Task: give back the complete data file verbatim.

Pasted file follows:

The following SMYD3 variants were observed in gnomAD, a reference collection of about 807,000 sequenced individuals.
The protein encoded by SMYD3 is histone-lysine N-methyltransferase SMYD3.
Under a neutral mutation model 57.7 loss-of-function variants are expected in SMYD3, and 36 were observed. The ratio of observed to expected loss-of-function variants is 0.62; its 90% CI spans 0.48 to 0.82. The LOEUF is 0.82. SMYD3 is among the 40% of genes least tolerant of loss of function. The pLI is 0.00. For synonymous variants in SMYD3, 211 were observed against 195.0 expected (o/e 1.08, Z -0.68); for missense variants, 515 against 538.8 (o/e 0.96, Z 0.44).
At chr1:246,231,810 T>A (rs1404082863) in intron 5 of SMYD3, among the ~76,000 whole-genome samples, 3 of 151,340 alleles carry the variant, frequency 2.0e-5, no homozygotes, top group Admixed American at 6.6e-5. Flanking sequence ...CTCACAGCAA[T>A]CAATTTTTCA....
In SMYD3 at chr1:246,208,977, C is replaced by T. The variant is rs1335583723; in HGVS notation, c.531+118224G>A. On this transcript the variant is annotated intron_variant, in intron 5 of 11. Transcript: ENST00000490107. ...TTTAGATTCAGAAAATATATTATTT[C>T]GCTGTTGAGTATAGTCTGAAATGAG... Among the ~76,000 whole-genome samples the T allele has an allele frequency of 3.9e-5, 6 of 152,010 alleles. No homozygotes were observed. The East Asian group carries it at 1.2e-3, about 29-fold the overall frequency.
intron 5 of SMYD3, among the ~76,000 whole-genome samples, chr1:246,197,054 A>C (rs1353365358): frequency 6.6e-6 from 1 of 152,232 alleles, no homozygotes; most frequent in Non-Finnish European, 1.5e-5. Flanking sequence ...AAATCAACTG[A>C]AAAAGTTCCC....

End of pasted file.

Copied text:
The following SMYD3 variants were observed in gnomAD, a reference collection of about 807,000 sequenced individuals.
The protein encoded by SMYD3 is histone-lysine N-methyltransferase SMYD3.
Under a neutral mutation model 57.7 loss-of-function variants are expected in SMYD3, and 36 were observed. The ratio of observed to expected loss-of-function variants is 0.62; its 90% CI spans 0.48 to 0.82. The LOEUF is 0.82. SMYD3 is among the 40% of genes least tolerant of loss of function. The pLI is 0.00. For synonymous variants in SMYD3, 211 were observed against 195.0 expected (o/e 1.08, Z -0.68); for missense variants, 515 against 538.8 (o/e 0.96, Z 0.44).
At chr1:246,231,810 T>A (rs1404082863) in intron 5 of SMYD3, among the ~76,000 whole-genome samples, 3 of 151,340 alleles carry the variant, frequency 2.0e-5, no homozygotes, top group Admixed American at 6.6e-5. Flanking sequence ...CTCACAGCAA[T>A]CAATTTTTCA....
In SMYD3 at chr1:246,208,977, C is replaced by T. The variant is rs1335583723; in HGVS notation, c.531+118224G>A. On this transcript the variant is annotated intron_variant, in intron 5 of 11. Transcript: ENST00000490107. ...TTTAGATTCAGAAAATATATTATTT[C>T]GCTGTTGAGTATAGTCTGAAATGAG... Among the ~76,000 whole-genome samples the T allele has an allele frequency of 3.9e-5, 6 of 152,010 alleles. No homozygotes were observed. The East Asian group carries it at 1.2e-3, about 29-fold the overall frequency.
intron 5 of SMYD3, among the ~76,000 whole-genome samples, chr1:246,197,054 A>C (rs1353365358): frequency 6.6e-6 from 1 of 152,232 alleles, no homozygotes; most frequent in Non-Finnish European, 1.5e-5. Flanking sequence ...AAATCAACTG[A>C]AAAAGTTCCC....